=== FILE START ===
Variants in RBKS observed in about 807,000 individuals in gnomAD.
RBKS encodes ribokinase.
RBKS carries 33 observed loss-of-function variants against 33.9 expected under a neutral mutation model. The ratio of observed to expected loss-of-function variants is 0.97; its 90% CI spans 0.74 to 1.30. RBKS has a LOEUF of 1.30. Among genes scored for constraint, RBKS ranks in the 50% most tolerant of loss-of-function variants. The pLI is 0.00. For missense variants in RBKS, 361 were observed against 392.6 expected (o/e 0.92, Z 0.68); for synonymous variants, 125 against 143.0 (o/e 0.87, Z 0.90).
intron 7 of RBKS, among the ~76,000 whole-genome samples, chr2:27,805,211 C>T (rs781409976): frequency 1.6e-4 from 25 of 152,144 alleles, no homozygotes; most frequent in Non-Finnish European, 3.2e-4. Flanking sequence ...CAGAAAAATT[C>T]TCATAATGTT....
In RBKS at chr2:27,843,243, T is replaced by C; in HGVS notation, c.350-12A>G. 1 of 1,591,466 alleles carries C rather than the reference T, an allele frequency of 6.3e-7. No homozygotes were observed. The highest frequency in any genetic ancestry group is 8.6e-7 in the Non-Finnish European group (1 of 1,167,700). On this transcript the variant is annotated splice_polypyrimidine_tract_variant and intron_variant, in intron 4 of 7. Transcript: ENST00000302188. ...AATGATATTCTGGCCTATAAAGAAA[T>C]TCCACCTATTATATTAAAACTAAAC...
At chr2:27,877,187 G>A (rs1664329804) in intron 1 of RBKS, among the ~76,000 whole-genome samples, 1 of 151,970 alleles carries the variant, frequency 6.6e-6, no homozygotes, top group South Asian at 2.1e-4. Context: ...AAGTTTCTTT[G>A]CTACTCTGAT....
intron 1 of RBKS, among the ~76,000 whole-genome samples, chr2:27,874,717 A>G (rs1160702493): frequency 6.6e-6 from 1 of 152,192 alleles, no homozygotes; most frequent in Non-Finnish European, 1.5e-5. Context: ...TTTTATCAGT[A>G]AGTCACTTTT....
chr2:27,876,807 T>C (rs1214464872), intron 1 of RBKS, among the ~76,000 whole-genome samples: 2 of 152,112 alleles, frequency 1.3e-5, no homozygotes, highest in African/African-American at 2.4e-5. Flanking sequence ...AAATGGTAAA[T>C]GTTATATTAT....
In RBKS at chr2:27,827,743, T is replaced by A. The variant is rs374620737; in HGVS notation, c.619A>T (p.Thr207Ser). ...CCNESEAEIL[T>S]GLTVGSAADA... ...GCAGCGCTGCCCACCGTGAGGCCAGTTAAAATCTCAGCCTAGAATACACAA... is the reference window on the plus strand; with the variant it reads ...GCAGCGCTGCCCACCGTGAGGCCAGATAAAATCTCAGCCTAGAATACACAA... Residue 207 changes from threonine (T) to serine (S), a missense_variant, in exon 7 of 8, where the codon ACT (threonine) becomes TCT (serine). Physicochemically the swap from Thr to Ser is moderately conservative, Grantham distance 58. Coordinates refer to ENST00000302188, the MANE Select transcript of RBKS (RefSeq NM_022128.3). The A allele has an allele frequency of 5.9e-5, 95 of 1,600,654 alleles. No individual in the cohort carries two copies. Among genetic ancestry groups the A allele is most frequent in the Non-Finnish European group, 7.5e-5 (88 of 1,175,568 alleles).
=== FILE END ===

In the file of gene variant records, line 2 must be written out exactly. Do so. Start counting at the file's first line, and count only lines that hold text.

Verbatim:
RBKS encodes ribokinase.